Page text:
Brown: "Vandoorne's gap to Alonso was down to car, not driver"

  • 27 Dec 2017 13:13
  • comments 13
  • By: Fergal Walsh

McLaren's racing director Zak Brown has defended Stoffel Vandoorne after his debut season in Formula 1. The Belgian had a tough year, driving for the dilapidating McLaren-Honda team. The 2015 GP2 champion was partnered with Fernando Alonso, who wowed spectators with frequent strong performances.

In qualifying, Vandoorne only got the better of Alonso on three occasions throughout the year. The 25-year-old's first point came only at the Hungarian Grand Prix, 11 rounds into the season. Due to the car's lack of reliability, Brown claims Vandoorne was hampered early on.

"It was a very difficult start for him with our reliability issues," Brown told GPUpdate.net. "He's a rookie, he was going to a lot of tracks for the first time. "Fernando [Alonso] has the benefit of 15 or 16 years, so if he had an issue and it was kind of 'you've got five laps to do it', he could draw on 15 years' experience.

"Stoffel would miss some sessions, having never been to the track before, and he's got five laps to do it, oh and by the way your team-mate is one of the best drivers in the world. If you look at the pressure and circumstances, his attitude was great, his speed is getting better and better, he's very close to Fernando now."

Brown also confirmed that Alonso got priority when it came to adding an upgraded part to the car: "They've not always had the same equipment," admitted the American.

"We run both cars identically but there have been times that you have only one development piece, so nine out of 10 times you give that to the more experienced driver. There were some races where the gap may have looked larger than they were but that was a car gap more than a driver gap, so I'm very happy with him."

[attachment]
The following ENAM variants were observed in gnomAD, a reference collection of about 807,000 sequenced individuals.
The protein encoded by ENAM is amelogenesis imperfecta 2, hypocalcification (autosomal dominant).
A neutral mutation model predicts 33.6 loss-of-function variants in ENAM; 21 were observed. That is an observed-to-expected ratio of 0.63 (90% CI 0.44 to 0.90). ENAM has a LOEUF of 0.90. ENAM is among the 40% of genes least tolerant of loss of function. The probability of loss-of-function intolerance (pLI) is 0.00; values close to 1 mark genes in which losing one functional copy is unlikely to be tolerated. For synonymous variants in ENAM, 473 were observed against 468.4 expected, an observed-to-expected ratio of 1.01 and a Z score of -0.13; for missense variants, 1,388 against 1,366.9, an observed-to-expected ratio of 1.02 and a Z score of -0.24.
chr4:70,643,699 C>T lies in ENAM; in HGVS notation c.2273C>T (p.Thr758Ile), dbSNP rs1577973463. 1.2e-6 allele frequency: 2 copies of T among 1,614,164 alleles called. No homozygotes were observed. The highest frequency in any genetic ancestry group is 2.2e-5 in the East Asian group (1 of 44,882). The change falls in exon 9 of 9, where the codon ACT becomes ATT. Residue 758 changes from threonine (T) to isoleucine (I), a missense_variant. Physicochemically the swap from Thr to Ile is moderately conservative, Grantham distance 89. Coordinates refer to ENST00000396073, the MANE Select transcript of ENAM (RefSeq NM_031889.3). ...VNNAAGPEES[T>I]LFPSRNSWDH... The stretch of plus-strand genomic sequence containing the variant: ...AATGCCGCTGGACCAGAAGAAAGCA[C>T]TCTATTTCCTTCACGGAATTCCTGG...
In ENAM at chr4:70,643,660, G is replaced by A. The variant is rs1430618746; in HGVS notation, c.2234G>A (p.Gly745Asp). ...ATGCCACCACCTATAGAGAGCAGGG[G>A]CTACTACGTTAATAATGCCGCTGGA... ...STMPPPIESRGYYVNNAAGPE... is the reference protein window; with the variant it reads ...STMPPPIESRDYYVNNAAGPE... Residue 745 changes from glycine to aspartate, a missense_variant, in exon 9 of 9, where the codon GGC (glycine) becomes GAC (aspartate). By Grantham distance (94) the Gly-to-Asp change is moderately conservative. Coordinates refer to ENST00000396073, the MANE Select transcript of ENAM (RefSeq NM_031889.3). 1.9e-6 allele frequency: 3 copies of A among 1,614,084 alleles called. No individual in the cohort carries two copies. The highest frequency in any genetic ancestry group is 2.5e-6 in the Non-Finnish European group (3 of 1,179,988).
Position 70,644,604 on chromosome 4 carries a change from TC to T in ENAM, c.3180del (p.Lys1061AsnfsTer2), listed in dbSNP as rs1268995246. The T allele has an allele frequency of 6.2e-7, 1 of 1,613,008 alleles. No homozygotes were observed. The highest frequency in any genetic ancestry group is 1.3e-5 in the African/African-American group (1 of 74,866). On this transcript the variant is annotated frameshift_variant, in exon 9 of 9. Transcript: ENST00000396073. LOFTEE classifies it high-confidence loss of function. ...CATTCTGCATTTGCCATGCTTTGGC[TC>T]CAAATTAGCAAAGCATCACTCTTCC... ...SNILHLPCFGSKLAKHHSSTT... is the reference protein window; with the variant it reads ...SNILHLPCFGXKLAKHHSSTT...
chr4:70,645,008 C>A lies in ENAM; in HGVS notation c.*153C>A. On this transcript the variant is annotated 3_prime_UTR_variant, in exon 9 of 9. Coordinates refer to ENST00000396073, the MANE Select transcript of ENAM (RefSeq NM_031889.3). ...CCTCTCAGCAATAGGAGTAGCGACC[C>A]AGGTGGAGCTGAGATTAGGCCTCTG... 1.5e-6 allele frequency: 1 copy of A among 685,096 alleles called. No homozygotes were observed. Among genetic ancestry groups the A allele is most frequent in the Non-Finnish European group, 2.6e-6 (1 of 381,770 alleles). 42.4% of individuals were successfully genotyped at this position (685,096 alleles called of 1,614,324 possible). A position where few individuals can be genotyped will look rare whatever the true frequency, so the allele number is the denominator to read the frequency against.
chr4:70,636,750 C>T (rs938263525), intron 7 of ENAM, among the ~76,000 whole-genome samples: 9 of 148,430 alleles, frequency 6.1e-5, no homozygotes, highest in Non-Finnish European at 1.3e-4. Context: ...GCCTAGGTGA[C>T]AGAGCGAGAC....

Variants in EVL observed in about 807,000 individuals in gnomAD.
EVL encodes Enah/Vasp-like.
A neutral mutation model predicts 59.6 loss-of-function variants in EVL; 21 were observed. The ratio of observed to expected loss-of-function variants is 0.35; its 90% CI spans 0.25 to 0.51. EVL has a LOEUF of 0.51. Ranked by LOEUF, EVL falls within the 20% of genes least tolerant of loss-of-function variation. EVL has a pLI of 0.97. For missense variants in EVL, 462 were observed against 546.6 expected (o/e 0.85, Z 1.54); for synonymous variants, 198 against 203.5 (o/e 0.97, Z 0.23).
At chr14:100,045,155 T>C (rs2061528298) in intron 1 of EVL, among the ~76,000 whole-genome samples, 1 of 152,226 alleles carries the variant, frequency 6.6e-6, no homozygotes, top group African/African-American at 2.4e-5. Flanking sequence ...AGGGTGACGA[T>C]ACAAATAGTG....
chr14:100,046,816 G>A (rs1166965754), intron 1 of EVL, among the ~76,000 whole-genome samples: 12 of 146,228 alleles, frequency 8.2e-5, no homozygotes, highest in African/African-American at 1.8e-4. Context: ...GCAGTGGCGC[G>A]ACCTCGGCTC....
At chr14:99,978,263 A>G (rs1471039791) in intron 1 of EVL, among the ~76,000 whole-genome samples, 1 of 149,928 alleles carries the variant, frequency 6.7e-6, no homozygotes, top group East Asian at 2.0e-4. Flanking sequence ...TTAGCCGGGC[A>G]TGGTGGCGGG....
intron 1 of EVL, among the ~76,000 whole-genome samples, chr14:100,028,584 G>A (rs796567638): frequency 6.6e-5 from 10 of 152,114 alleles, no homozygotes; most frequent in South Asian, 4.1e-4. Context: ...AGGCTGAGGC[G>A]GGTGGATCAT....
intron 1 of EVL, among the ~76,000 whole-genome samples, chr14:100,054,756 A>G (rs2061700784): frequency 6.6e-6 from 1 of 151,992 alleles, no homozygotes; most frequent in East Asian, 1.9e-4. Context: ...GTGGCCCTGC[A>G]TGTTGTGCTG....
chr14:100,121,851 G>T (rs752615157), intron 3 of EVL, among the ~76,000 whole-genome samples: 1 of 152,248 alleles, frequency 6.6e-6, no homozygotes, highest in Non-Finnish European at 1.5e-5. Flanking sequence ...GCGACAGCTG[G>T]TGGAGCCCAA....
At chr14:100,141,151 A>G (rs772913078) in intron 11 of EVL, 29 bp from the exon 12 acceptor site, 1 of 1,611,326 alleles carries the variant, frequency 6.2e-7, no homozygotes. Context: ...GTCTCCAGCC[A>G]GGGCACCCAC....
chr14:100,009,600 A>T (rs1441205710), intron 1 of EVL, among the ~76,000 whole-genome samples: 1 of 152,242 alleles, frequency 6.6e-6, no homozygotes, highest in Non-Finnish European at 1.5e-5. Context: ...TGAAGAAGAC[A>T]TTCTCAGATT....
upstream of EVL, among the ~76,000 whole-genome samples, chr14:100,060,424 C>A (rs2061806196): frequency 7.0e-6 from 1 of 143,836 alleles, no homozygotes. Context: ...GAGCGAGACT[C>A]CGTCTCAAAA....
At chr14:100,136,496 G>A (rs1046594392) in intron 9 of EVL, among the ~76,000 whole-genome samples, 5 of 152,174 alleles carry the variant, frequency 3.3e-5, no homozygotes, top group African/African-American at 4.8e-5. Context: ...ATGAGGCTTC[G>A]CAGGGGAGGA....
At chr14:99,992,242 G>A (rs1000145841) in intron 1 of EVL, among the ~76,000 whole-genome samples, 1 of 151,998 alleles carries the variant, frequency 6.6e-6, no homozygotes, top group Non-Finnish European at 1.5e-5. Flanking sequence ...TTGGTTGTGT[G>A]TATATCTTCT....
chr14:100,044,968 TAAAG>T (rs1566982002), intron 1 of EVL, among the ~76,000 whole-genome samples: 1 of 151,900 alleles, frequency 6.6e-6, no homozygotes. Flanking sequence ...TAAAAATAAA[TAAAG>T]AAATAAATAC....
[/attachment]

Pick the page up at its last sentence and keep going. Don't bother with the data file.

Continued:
Fergal Walsh


Replies (13)

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  • What I sorta dont see is how Vandoorne managed to have fewer engine-related retirements than Alonso at the end of the season. I first speculated that it was down to McLaren running Alonso on a higher power mode, thus wearing out his units more, but if thats not the case, then why the difference?

    • + 1
    • Dec 27 2017 - 14:03
    • Kean

      Posts: 481

      I wouldn't be surprised if Alonso has it in his contract that new parts, the latest updates ends up on his car first. That could partly explain why Vandoorne was outperformed by so much, but it could also explain why Alonso suffered more failures because his PU was more of a prototype.

      • + 0
      • Dec 27 2017 - 14:42
    • Wouldnt surprise me in the least. Alonso got first to every new upgrade bar one this year, and that was down to strategy. Either way, new parts are new parts, and Alonso running a prototype of sorts shouldnt change that. Especially when many of Honda's upgrade prioritized reliability in combination of better power output. Nay, I think there is more to it.

      • + 0
      • Dec 27 2017 - 15:34
    • I don't know what you're talking about. Vandoorne actually had more components breaking down over the season than Alonso:
      Alonso: ICE - 9 | TC - 11 | MGU-H - 11 | MGU-K - 8 | ES - 7 | CE - 6
      Vandoorne: ICE - 10 | TC - 12 | MGU-H - 12 | MGU-K - 9 | ES - 7 | CE - 7

      Alonso refused team orders to spare the engine (as we heard on radio) and at least one time just parked the car because he was sick of it, that's the only reason he has more retirements.

      • + 0
      • Dec 28 2017 - 10:51